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    I agree with Werg22, If you're just learning, stick with Newton's gravity; it explains enough so that you can get a grasp fo what's happening, make accurate predictions, etc.

    But just keep in mind that the "rubber sheet example" makes all the same predictions, and is a slightly better understanding (for those to whom Newton's "force" of gravity isn't good enough).
  6. Oct 25, 2006 #5


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    The earth revolves around the sun, because it does.

    Newton found that he could predict the positions of heavenly bodies by using a central force he called gravity.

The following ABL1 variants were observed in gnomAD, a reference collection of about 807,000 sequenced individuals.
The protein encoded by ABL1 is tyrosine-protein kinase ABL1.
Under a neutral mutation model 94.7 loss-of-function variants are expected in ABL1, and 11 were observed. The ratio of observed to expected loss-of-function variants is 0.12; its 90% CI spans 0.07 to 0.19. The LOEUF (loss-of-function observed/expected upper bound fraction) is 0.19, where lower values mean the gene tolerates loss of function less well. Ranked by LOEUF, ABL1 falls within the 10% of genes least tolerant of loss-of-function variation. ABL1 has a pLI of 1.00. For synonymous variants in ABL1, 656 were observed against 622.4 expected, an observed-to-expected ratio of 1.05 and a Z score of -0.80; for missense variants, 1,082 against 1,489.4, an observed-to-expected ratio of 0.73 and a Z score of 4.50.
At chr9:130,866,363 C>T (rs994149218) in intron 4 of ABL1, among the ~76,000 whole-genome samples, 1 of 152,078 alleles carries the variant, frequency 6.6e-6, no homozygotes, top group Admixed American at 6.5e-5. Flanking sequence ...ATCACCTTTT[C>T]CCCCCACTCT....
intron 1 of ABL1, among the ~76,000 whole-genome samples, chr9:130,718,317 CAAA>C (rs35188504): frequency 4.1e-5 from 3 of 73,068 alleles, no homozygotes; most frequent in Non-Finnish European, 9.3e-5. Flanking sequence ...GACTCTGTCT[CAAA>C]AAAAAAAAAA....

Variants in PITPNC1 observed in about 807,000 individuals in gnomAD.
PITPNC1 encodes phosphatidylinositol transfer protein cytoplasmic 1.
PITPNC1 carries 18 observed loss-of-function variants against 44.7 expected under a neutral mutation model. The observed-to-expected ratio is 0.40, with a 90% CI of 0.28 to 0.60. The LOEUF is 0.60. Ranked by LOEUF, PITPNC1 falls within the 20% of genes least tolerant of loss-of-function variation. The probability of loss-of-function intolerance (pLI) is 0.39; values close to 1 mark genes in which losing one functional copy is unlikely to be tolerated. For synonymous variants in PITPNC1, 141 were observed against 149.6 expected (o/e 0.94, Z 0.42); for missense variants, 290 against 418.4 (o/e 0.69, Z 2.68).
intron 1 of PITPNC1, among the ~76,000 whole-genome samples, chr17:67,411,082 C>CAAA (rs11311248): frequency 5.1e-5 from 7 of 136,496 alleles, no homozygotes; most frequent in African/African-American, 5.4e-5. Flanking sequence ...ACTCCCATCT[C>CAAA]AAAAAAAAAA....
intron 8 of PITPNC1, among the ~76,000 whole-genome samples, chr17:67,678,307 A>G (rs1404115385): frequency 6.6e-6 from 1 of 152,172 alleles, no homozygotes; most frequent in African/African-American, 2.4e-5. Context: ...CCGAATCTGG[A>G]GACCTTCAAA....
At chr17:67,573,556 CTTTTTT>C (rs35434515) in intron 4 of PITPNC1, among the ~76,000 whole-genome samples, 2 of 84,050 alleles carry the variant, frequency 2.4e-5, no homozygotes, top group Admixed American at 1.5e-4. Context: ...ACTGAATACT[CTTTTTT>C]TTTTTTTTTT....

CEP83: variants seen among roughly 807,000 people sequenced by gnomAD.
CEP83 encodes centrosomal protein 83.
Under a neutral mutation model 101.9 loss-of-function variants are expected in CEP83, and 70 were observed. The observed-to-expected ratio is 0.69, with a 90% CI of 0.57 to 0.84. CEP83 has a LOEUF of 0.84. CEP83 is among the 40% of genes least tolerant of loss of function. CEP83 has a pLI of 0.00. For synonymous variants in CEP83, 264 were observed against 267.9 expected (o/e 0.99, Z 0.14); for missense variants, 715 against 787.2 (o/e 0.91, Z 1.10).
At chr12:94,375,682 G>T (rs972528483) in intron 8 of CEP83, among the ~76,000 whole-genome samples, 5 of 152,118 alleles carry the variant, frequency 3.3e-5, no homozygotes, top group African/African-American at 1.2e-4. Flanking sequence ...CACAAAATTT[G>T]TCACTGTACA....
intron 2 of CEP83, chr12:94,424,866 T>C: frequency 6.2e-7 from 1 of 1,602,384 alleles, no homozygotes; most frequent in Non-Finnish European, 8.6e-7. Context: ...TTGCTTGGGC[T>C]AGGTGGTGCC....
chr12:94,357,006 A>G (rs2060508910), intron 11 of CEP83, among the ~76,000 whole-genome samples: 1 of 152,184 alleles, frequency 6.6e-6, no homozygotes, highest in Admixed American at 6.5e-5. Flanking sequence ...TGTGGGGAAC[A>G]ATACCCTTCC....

Einstein found that he could model the same system by assuming that space is curved by massive bodies. The fact is that Einstein's model is more general and works over a wider range of conditions then Newtons model. What we have found, is that Newtons model is an approximation to Einstein's and can be arrived at by dropping "extra" terms that show up when using Einstein's model.

    So as long as you are aware of what conditions are suited to Newtons laws they are useful and accurate. Einstein's theory yield more accurate results in all cases but they are much harder to apply. In the world we live in very precise measurements are required to separate the two models.
  7. Oct 25, 2006 #6
    Well, i appreciate responses but i would like to know what is theory about the apparent contradiction?